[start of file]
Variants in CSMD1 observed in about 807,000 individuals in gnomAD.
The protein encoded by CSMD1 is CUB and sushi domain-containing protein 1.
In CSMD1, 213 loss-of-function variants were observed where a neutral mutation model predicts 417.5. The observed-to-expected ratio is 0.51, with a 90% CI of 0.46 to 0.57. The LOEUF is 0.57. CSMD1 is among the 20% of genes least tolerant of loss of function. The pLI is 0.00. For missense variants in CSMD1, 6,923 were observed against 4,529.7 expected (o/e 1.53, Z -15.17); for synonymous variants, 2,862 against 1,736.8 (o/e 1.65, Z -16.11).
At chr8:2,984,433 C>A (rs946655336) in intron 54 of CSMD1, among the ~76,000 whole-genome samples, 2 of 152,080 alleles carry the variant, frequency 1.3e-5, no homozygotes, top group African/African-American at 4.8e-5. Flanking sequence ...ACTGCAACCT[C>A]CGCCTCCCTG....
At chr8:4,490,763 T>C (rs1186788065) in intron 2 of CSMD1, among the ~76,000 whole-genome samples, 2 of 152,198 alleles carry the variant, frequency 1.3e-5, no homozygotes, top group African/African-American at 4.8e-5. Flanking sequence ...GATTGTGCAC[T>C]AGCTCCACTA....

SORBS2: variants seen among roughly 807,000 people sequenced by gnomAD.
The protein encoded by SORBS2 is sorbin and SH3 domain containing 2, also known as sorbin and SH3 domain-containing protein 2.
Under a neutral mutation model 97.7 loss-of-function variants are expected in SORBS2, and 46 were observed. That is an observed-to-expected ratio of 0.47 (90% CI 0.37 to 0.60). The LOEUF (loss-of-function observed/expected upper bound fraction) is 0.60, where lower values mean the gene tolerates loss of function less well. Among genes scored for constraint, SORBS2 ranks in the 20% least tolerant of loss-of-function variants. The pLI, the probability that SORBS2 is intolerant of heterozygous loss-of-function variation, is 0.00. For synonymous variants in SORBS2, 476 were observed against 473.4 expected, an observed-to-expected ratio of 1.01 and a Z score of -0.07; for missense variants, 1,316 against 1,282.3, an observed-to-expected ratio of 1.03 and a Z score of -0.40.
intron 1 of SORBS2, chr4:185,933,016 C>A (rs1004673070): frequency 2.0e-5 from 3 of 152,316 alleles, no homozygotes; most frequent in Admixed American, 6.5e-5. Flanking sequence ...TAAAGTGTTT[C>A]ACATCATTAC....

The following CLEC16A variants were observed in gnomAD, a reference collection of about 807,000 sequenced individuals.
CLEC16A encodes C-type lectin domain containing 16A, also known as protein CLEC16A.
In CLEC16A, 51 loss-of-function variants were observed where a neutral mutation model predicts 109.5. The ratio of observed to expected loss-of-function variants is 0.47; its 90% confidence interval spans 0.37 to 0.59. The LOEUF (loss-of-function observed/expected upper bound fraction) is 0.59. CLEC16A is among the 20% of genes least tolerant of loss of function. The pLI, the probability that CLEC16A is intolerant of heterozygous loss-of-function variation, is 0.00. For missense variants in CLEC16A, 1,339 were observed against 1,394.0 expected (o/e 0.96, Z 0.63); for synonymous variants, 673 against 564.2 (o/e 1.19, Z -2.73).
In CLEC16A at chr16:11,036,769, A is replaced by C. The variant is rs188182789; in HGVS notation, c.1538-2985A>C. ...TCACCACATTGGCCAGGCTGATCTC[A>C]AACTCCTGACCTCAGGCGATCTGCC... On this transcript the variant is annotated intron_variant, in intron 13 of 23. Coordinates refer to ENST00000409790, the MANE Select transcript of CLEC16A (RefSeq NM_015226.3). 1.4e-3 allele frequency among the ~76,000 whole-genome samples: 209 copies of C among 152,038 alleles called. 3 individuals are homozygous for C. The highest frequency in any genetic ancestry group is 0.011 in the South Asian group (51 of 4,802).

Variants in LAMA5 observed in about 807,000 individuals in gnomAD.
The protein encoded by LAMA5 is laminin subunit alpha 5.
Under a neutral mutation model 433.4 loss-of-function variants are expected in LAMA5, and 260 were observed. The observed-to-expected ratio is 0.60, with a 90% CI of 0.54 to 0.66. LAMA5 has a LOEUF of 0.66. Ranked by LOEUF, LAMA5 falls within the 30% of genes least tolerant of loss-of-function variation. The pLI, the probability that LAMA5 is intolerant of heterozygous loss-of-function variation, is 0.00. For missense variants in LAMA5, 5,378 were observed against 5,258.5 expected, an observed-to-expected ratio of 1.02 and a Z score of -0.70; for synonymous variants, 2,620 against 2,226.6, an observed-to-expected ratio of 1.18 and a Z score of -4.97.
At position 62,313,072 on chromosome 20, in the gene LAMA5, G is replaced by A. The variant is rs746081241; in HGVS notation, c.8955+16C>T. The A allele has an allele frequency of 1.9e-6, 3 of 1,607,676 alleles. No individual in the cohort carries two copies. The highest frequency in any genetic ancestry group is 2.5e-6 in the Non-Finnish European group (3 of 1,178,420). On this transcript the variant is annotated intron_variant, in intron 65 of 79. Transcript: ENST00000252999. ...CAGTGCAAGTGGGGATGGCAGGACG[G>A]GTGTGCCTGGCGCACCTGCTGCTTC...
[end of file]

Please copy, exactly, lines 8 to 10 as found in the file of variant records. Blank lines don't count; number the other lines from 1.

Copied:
Under a neutral mutation model 97.7 loss-of-function variants are expected in SORBS2, and 46 were observed. That is an observed-to-expected ratio of 0.47 (90% CI 0.37 to 0.60). The LOEUF (loss-of-function observed/expected upper bound fraction) is 0.60, where lower values mean the gene tolerates loss of function less well. Among genes scored for constraint, SORBS2 ranks in the 20% least tolerant of loss-of-function variants. The pLI, the probability that SORBS2 is intolerant of heterozygous loss-of-function variation, is 0.00. For synonymous variants in SORBS2, 476 were observed against 473.4 expected, an observed-to-expected ratio of 1.01 and a Z score of -0.07; for missense variants, 1,316 against 1,282.3, an observed-to-expected ratio of 1.03 and a Z score of -0.40.
intron 1 of SORBS2, chr4:185,933,016 C>A (rs1004673070): frequency 2.0e-5 from 3 of 152,316 alleles, no homozygotes; most frequent in Admixed American, 6.5e-5. Flanking sequence ...TAAAGTGTTT[C>A]ACATCATTAC....

The following CLEC16A variants were observed in gnomAD, a reference collection of about 807,000 sequenced individuals.